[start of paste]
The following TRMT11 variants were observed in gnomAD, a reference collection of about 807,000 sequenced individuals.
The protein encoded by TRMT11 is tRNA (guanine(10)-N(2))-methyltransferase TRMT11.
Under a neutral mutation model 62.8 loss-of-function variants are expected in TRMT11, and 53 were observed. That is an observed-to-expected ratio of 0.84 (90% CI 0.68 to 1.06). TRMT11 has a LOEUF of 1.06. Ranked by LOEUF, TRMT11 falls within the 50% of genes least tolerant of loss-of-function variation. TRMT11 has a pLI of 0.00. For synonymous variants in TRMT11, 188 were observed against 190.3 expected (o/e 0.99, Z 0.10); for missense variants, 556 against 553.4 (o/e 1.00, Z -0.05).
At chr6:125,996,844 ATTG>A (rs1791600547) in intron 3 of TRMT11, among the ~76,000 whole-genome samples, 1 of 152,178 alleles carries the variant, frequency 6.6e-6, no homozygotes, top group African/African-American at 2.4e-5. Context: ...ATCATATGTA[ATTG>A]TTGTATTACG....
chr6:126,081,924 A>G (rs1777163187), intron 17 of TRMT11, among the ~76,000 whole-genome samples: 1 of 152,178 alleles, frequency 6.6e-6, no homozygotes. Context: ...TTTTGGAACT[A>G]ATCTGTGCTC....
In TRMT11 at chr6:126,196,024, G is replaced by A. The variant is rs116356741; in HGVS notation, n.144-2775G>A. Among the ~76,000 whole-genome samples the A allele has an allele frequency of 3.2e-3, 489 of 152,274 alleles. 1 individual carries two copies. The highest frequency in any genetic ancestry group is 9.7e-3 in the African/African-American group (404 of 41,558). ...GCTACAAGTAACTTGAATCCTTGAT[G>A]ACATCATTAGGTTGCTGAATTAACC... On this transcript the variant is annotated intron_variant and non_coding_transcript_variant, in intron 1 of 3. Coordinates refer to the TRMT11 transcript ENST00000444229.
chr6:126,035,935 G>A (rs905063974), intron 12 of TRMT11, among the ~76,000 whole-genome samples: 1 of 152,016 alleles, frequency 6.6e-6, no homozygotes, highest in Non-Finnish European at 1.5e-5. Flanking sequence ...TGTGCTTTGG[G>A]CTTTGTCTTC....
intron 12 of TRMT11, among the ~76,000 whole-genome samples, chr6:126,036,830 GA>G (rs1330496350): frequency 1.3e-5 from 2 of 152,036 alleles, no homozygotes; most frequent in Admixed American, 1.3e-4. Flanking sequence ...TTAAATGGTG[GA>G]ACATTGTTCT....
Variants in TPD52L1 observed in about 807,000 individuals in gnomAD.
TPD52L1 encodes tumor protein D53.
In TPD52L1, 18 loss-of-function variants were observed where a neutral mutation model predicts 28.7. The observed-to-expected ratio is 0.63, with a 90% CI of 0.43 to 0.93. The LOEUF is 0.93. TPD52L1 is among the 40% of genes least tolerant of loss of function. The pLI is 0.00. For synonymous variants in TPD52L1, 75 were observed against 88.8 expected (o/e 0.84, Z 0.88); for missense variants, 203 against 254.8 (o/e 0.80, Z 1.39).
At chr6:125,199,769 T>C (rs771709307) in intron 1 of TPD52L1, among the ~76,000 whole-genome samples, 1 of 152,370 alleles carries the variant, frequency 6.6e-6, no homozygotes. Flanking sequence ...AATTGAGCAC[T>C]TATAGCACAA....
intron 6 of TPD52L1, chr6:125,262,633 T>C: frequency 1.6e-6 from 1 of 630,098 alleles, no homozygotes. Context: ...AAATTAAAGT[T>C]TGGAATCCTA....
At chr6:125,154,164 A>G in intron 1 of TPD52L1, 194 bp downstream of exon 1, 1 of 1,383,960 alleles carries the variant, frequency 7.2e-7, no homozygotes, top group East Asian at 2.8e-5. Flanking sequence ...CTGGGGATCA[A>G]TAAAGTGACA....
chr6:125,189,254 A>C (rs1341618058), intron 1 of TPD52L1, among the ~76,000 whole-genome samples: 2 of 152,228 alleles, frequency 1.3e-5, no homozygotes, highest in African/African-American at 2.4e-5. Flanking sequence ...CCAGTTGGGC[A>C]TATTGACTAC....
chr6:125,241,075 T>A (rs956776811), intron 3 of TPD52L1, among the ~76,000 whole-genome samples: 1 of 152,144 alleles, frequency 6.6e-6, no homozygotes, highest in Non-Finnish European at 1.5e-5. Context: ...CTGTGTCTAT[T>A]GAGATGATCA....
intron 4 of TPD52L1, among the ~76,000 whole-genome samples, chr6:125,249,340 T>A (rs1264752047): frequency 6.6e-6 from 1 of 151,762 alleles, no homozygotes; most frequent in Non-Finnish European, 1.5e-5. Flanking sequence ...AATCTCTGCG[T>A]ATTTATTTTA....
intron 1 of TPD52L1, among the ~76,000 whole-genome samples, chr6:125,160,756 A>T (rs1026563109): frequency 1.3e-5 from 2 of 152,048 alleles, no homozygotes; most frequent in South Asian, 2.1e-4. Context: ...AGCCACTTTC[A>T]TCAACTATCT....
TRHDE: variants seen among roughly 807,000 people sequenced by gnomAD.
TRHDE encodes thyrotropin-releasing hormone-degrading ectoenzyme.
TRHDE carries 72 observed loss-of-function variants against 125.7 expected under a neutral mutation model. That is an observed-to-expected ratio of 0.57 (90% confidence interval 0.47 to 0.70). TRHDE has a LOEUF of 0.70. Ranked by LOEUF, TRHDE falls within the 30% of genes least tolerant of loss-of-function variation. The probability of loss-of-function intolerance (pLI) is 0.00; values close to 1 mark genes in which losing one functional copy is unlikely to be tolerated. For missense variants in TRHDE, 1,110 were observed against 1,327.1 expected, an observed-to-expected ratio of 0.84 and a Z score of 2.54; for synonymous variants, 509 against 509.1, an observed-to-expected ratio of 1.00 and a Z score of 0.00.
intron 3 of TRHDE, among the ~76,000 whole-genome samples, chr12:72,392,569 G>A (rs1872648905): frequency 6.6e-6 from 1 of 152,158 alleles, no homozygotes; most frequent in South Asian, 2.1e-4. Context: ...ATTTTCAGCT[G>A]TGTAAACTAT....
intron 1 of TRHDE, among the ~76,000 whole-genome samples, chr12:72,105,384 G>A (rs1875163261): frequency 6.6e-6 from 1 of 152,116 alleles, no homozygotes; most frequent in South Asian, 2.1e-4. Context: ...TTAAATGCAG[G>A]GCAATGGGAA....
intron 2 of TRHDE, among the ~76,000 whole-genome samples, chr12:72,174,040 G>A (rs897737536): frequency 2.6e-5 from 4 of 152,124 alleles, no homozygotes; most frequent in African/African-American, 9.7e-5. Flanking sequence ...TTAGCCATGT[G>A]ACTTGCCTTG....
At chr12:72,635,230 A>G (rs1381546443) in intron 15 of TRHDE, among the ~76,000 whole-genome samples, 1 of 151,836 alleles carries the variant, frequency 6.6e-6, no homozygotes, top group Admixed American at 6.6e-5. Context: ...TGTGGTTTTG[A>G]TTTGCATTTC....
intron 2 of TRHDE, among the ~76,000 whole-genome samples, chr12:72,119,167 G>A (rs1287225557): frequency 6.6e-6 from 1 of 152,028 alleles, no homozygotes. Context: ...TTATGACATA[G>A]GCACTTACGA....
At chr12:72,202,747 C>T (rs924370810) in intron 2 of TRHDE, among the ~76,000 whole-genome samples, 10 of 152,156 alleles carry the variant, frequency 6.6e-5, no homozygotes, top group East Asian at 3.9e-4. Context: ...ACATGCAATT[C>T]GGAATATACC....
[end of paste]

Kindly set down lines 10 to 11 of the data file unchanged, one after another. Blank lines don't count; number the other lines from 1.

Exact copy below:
TPD52L1 encodes tumor protein D53.
In TPD52L1, 18 loss-of-function variants were observed where a neutral mutation model predicts 28.7. The observed-to-expected ratio is 0.63, with a 90% CI of 0.43 to 0.93. The LOEUF is 0.93. TPD52L1 is among the 40% of genes least tolerant of loss of function. The pLI is 0.00. For synonymous variants in TPD52L1, 75 were observed against 88.8 expected (o/e 0.84, Z 0.88); for missense variants, 203 against 254.8 (o/e 0.80, Z 1.39).